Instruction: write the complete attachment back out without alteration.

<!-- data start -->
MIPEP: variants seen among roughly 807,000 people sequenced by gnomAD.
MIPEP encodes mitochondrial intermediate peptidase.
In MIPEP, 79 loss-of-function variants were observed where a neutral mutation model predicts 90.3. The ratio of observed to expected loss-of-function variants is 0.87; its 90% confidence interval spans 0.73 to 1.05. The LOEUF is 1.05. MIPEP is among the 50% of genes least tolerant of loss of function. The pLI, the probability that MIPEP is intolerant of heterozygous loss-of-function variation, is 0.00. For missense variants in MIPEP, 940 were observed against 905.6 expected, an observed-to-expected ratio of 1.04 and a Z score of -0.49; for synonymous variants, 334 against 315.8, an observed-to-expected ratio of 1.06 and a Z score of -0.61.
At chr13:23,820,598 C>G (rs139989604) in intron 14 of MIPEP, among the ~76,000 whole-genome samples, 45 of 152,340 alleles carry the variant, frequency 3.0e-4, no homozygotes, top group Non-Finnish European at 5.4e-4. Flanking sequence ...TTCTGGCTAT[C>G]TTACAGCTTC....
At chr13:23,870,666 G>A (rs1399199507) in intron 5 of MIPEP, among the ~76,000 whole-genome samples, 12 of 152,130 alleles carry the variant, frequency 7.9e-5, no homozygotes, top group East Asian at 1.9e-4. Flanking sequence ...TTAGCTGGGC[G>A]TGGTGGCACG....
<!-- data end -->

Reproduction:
MIPEP: variants seen among roughly 807,000 people sequenced by gnomAD.
MIPEP encodes mitochondrial intermediate peptidase.
In MIPEP, 79 loss-of-function variants were observed where a neutral mutation model predicts 90.3. The ratio of observed to expected loss-of-function variants is 0.87; its 90% confidence interval spans 0.73 to 1.05. The LOEUF is 1.05. MIPEP is among the 50% of genes least tolerant of loss of function. The pLI, the probability that MIPEP is intolerant of heterozygous loss-of-function variation, is 0.00. For missense variants in MIPEP, 940 were observed against 905.6 expected, an observed-to-expected ratio of 1.04 and a Z score of -0.49; for synonymous variants, 334 against 315.8, an observed-to-expected ratio of 1.06 and a Z score of -0.61.
At chr13:23,820,598 C>G (rs139989604) in intron 14 of MIPEP, among the ~76,000 whole-genome samples, 45 of 152,340 alleles carry the variant, frequency 3.0e-4, no homozygotes, top group Non-Finnish European at 5.4e-4. Flanking sequence ...TTCTGGCTAT[C>G]TTACAGCTTC....
At chr13:23,870,666 G>A (rs1399199507) in intron 5 of MIPEP, among the ~76,000 whole-genome samples, 12 of 152,130 alleles carry the variant, frequency 7.9e-5, no homozygotes, top group East Asian at 1.9e-4. Flanking sequence ...TTAGCTGGGC[G>A]TGGTGGCACG....